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Do you remember the ransom notes left behind by kidnappers and villains in movies? The notes made up of different letters cut out of magazines? My first encounter with the concept of a ransom note was while watching a movie called Baby’s Day Out. The 1994 movie, aimed at kids, tells the story of a toddler kidnapped by three crooks disguised as photographers (funny, huh?). The kidnappers then leave a ransom note constructed from letters cut from magazines. Now, don’t get me wrong. I’m not encouraging kidnapping here, or any criminality for that matter. But this project does involve building up a photographic library of text, for artistic purposes only!
Now, don’t get me wrong. I’m not encouraging kidnapping here, or any criminality for that matter. But this project does involve building up a photographic library of text, for artistic purposes only!
We encounter so much written language these days that it is often overlooked as a photographic subject. Written language in any environment is made up of an endless combination of fonts, colors, shapes, and applications. Of course, there are random text generators online, but automated programs won’t add anything to your photographic practice.
By scoping out letters in the field you’ll train your photographic senses to seek out unusual subjects, an invaluable skill for any photographer. By concentrating on an unusual yet familiar subject, you can build up an interesting and varied typographic library. It’s a great way to view the world through the written word.
The first true alphabet was created roughly four thousand years ago in the land of Canaan. The alphabet, containing between 20-32 individual letters, didn’t contain any vowels so people had to guess what vowel sound followed each consonant based on what the word looked like. Despite this, the system worked and ended up replacing the complex system of Egyptian hieroglyphs.
The new alphabet meant that people didn’t need to memorize thousands of different symbols, allowing more people to communicate through the written word. The Greeks added vowels to the alphabet – creating the first alphabet with a letter to represent every sound in a language. From there, the alphabet spread to Italy where it evolved into the Latin alphabet. The English alphabet evolved after the Romans took the Latin language to Anglo-Saxons England, who amalgamated the Latin and runic alphabet.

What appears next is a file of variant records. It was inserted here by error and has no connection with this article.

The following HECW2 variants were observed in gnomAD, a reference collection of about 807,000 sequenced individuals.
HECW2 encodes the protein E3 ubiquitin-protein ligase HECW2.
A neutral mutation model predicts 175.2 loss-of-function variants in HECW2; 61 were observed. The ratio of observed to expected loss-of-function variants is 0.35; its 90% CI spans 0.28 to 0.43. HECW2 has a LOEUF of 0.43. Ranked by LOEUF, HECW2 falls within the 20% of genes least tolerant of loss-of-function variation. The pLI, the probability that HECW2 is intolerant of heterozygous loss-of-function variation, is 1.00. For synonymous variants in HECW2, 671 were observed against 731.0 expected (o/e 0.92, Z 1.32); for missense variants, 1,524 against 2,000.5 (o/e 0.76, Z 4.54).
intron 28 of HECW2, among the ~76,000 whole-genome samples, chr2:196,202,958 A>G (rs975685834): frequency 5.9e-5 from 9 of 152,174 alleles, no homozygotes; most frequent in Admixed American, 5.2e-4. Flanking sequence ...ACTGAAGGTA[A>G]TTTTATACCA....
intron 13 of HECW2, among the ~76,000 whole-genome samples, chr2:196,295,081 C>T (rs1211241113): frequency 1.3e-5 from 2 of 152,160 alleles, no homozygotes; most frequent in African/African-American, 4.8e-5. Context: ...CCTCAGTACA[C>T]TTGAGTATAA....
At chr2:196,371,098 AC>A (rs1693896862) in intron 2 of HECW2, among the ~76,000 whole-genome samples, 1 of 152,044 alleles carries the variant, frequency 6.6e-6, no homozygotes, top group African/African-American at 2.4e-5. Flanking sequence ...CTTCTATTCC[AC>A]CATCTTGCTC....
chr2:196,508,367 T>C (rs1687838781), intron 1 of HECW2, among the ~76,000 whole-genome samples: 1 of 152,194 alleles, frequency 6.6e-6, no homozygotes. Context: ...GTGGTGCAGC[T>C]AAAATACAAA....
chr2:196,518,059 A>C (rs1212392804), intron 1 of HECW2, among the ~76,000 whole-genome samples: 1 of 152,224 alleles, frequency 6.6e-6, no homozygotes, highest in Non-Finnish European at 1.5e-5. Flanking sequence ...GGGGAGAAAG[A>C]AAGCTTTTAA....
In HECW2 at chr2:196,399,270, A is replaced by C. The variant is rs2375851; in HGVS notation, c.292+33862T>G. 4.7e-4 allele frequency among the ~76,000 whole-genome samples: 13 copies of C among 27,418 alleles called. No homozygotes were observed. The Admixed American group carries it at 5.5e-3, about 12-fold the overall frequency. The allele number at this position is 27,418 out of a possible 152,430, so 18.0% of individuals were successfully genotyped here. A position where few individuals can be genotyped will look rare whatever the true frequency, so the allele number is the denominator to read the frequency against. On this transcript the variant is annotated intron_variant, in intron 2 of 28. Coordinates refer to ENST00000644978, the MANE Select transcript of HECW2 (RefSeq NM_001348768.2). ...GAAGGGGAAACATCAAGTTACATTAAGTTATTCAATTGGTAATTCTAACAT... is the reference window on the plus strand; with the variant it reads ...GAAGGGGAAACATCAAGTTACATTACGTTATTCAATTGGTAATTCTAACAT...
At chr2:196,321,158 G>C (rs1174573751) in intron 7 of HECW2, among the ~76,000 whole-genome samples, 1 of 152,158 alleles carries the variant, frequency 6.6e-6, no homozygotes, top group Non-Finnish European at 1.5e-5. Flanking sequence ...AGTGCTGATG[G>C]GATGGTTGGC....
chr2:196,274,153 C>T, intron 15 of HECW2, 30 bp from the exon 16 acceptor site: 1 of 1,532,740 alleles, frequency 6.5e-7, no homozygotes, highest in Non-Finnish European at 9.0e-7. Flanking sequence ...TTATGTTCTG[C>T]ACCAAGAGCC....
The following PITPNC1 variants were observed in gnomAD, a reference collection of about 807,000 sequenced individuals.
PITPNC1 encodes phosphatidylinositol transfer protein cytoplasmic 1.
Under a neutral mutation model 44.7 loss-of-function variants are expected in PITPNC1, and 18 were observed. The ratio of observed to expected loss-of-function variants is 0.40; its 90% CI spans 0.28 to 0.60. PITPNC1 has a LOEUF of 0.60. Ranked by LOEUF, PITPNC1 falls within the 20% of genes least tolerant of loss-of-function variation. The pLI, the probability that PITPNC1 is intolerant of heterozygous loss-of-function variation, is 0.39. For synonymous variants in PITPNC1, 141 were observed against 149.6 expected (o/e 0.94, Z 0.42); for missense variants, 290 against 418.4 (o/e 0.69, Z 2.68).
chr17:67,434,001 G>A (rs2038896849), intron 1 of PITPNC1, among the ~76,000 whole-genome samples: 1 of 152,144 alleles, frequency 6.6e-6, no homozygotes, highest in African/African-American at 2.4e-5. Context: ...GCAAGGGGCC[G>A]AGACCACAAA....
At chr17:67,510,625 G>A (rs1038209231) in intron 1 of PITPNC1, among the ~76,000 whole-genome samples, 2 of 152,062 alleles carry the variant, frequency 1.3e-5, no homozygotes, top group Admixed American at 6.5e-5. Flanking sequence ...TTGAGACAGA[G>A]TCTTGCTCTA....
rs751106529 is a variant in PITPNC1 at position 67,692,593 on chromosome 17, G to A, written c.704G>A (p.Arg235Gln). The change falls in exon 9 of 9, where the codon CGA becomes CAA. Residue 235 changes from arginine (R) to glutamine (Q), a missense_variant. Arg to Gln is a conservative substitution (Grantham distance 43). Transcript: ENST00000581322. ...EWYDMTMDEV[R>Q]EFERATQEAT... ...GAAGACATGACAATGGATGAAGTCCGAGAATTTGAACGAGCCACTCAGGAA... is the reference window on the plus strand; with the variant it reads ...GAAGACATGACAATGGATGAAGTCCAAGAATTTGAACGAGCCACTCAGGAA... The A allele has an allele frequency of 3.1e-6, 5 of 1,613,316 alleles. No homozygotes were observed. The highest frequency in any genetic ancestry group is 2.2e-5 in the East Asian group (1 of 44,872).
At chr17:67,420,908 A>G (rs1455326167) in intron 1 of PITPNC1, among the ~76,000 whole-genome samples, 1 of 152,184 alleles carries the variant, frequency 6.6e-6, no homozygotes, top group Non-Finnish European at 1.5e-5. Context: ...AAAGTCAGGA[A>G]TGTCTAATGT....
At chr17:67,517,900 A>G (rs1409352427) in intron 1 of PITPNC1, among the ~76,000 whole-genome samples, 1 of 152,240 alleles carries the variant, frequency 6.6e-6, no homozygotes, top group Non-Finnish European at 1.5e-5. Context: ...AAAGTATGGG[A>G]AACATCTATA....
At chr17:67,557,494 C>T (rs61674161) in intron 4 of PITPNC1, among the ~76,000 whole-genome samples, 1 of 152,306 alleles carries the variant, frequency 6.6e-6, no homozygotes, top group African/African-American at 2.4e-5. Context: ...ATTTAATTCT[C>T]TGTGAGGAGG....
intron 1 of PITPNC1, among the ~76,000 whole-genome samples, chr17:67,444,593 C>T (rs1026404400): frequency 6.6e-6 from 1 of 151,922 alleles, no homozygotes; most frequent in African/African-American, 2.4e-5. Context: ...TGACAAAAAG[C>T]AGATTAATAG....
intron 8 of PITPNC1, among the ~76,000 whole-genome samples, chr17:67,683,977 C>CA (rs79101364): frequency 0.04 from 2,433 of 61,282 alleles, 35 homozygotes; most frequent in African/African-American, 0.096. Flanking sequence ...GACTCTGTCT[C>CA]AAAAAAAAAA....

One of the great things about this project is that it doesn’t require any special equipment. You can simply grab your camera and you are good to go! However, there are a few items that you can pack to make your trip a little easier.
Bring along a folded piece of paper and a pen to take a tally of the letters you photograph. This way you won’t have to constantly scroll through the photos you have taken previously to check if you’ve stocked up on a particular letter. This is also useful when tracking numbers or upper and lower-case letters you’ve photographed. To separate the tally of each letter more easily, I use a highlighter. That way you won’t get mixed up or add a mark under the wrong letter.
Like many subjects, once you start looking for something, you become attuned to the sight of it. This honing-in on detail is an invaluable skill for photographers, who often have to decipher both the detail and greater landscape simultaneously.
For starters, try collecting letters to make up a phrase. Then go on to building the whole alphabet. The more variety the better. As an extra challenge, try photographing a different source for each letter or add numbers to the mix.
I found plenty of material from traffic and warning signs alone. You may notice that many signs are made up of eye-catching colors. Red and yellow shades draw attention, so they are commonly used for warnings. By incorporating these bright colors into your collage, you’ll create a very attractive composition. You could even photograph the labels on tins and packets of food. Though if you’re doing this in a supermarket or grocer, be sure to check with the manager first.
Signage, graffiti, names etched into concrete, there is an endless supply of letters for you to photograph. Post your results in the comments below and nobody gets hurt!